Engagement | 7 Min Read
Have you taken your pulse recently?By Jenny Davies on 6.12.2019
When it comes to personal health, it doesn’t usually take much to work out that something is a bit awry. And a quick check of the pulse can give an immediate indication of potentially serious problems that may be lurking.
Pulse checks are becoming increasingly popular in the workplace, too. But there, it’s less about two-fingers-on-a-pressure-point.
What’s a pulse check?
A pulse check is a people management tool that helps HR, managers, and other senior players in a business understand the mood of their workforce. It helps them gauge employees’ happiness and contentment levels and, crucially, find out about things that aren’t going so well.
Think of a pulse check as a survey that an employer asks its workforce to complete. But unlike some traditional surveys, a pulse check is very brief, to the point, and won’t take up much of an employee’s time. It’s supposed to give a snapshot of how individuals are feeling at a particular time, and so it’s something that employers should repeat regularly.
The key to these checks is: short, sharp and frequent. Forget pages and pages of open questions that call for detailed answers and hours of effort. There may still be a place for those types of in-depth surveys in your business (maybe once a year), but pulse checks are something different altogether. They’re snappy. They take five minutes, max, to complete. And they’re usually run every few weeks.
What will a pulse check tell you?
It depends on the questions you ask, but you’ll usually get a flavour of how ‘onboard’ your employees are, how they’re coping in their roles and the level of workforce morale. You may spot patterns in the answers – a general lack of motivation in the workforce, for example, or frustration about a particular change you’ve implemented.
Setting pulse check questions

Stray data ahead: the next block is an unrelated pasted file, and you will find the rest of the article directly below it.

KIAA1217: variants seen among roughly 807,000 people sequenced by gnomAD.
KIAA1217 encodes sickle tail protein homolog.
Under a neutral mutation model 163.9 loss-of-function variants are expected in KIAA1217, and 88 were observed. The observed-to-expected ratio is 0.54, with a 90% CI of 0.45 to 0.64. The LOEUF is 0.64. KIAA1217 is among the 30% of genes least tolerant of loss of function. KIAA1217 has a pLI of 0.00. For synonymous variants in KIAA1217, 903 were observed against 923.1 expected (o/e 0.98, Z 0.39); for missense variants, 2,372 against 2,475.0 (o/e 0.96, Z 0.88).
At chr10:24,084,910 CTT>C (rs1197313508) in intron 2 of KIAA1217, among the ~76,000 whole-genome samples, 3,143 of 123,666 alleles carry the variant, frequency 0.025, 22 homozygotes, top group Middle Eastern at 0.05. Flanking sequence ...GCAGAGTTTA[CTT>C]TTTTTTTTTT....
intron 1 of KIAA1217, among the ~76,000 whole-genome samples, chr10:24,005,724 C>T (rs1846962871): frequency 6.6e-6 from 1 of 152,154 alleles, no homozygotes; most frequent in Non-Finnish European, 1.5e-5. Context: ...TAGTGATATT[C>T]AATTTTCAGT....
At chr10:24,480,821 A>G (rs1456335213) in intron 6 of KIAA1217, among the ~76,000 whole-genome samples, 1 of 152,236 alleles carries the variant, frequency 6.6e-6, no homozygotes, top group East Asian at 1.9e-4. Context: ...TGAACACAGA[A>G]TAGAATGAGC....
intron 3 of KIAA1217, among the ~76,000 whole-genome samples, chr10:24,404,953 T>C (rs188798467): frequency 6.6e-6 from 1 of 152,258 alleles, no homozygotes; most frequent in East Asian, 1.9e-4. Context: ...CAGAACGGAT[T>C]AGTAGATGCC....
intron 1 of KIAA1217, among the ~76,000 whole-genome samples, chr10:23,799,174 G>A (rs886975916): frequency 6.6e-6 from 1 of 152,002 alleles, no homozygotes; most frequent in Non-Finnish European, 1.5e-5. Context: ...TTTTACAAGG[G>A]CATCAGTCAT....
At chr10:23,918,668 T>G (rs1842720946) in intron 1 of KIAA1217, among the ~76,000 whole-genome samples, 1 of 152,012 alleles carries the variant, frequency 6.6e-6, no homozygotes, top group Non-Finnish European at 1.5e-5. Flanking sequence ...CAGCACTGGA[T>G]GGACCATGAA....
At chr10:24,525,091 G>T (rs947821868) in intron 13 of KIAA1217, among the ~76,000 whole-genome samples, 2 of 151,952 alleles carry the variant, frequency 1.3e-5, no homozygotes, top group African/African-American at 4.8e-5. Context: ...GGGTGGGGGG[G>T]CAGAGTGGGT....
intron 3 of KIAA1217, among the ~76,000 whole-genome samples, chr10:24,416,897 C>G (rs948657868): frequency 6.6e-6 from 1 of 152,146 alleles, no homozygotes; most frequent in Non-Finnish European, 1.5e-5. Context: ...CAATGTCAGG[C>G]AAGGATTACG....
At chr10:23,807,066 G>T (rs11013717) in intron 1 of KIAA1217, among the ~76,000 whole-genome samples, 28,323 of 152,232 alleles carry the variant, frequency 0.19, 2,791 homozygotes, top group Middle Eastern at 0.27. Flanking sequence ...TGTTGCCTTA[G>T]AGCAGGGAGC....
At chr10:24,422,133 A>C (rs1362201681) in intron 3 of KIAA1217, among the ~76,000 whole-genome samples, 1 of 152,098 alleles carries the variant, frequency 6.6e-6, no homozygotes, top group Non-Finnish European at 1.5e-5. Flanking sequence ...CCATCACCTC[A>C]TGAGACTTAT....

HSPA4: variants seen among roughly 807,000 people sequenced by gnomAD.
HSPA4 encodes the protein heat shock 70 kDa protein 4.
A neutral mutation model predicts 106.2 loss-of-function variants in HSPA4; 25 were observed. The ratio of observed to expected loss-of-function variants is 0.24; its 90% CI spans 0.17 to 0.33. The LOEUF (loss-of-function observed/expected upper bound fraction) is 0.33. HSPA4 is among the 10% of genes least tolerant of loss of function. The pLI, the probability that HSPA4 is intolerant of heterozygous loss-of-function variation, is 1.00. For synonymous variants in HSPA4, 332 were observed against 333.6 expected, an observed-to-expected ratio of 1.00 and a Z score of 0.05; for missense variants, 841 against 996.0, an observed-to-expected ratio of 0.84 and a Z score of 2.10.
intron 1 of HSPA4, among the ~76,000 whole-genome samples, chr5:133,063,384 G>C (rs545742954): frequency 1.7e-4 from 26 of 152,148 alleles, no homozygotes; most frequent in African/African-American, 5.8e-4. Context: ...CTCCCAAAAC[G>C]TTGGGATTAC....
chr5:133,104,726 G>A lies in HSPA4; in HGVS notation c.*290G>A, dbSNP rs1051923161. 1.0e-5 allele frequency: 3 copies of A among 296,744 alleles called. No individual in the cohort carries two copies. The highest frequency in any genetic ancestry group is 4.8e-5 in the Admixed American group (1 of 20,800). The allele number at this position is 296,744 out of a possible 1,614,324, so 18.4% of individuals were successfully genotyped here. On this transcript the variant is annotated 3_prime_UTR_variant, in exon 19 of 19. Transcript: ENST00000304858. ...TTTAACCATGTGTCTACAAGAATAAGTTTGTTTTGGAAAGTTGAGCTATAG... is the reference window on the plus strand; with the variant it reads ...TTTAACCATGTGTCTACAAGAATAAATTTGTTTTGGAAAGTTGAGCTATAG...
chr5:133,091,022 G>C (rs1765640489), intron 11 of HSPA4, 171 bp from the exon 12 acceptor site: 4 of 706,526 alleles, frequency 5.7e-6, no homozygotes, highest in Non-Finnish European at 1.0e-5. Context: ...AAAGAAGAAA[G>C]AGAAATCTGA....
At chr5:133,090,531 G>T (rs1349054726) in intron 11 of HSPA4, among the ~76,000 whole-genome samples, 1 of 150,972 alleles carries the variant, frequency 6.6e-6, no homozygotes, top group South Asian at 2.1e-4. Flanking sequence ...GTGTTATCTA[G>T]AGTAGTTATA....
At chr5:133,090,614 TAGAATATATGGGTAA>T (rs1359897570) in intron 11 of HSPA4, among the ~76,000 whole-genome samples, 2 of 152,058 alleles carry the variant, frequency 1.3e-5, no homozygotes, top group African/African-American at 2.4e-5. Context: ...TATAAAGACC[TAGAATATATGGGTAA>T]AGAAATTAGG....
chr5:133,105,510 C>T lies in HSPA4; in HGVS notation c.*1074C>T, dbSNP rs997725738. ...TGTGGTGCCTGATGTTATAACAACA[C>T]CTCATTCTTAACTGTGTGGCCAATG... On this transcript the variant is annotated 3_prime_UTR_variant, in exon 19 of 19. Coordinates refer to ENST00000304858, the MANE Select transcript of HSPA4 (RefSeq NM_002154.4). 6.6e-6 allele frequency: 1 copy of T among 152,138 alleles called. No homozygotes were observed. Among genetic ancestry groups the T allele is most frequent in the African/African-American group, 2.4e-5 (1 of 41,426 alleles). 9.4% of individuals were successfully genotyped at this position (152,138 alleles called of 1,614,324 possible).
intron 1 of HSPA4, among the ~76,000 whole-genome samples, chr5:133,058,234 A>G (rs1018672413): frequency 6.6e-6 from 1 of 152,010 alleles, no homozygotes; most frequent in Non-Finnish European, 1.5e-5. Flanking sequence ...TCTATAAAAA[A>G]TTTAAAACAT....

Remember you’ll be running these checks regularly, so you shouldn’t try to squeeze everything into a single one. Pace yourself!
Aim to include no more than about eight questions. Base them around general enquiries about how employees are doing, and how they feel about things that have happened in the business (anything from a new keycard system, to a switch to healthy snacks in the vending machine, to an updated social media policy). The best questions are framed clearly and narrowly, so the employee can effectively whizz through them without becoming bogged down in detail, confusion or indecision.
Tazio has a bank of commonly used questions that our clients can choose from, so these can be a useful starting point. Our system has the flexibility to add bespoke questions, too, so you can focus on particular things that are relevant to your business.
Whichever way you go about this, try to have a mix of questions each time, so you get an insight into a few different things, from personal happiness to relationships with colleagues, to feelings about their development opportunities.
You could ask things like:
- How happy do you feel at work?
- Do you feel you’re progressing well in your career?
- Do you think we provide the right training?
- Do you feel valued at work?
- How is your relationship with your manager?
- Do you have the right work/life balance?